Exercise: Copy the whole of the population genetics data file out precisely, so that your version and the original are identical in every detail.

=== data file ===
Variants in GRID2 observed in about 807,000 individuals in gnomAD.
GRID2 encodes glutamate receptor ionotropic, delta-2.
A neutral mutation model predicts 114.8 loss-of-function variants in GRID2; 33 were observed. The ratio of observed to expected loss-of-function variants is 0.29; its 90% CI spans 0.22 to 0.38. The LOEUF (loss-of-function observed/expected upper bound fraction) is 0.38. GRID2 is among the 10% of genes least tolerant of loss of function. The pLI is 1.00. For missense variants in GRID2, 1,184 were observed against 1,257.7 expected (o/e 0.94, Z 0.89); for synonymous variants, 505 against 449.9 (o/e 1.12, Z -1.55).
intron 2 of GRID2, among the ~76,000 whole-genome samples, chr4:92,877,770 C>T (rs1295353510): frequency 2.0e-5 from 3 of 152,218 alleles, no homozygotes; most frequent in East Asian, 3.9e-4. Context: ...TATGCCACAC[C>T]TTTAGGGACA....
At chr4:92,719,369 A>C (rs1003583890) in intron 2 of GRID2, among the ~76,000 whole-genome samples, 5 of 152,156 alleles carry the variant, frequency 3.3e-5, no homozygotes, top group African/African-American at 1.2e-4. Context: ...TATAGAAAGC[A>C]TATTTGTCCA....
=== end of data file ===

Variants in GRID2 observed in about 807,000 individuals in gnomAD.
GRID2 encodes glutamate receptor ionotropic, delta-2.
A neutral mutation model predicts 114.8 loss-of-function variants in GRID2; 33 were observed. The ratio of observed to expected loss-of-function variants is 0.29; its 90% CI spans 0.22 to 0.38. The LOEUF (loss-of-function observed/expected upper bound fraction) is 0.38. GRID2 is among the 10% of genes least tolerant of loss of function. The pLI is 1.00. For missense variants in GRID2, 1,184 were observed against 1,257.7 expected (o/e 0.94, Z 0.89); for synonymous variants, 505 against 449.9 (o/e 1.12, Z -1.55).
intron 2 of GRID2, among the ~76,000 whole-genome samples, chr4:92,877,770 C>T (rs1295353510): frequency 2.0e-5 from 3 of 152,218 alleles, no homozygotes; most frequent in East Asian, 3.9e-4. Context: ...TATGCCACAC[C>T]TTTAGGGACA....
At chr4:92,719,369 A>C (rs1003583890) in intron 2 of GRID2, among the ~76,000 whole-genome samples, 5 of 152,156 alleles carry the variant, frequency 3.3e-5, no homozygotes, top group African/African-American at 1.2e-4. Context: ...TATAGAAAGC[A>C]TATTTGTCCA....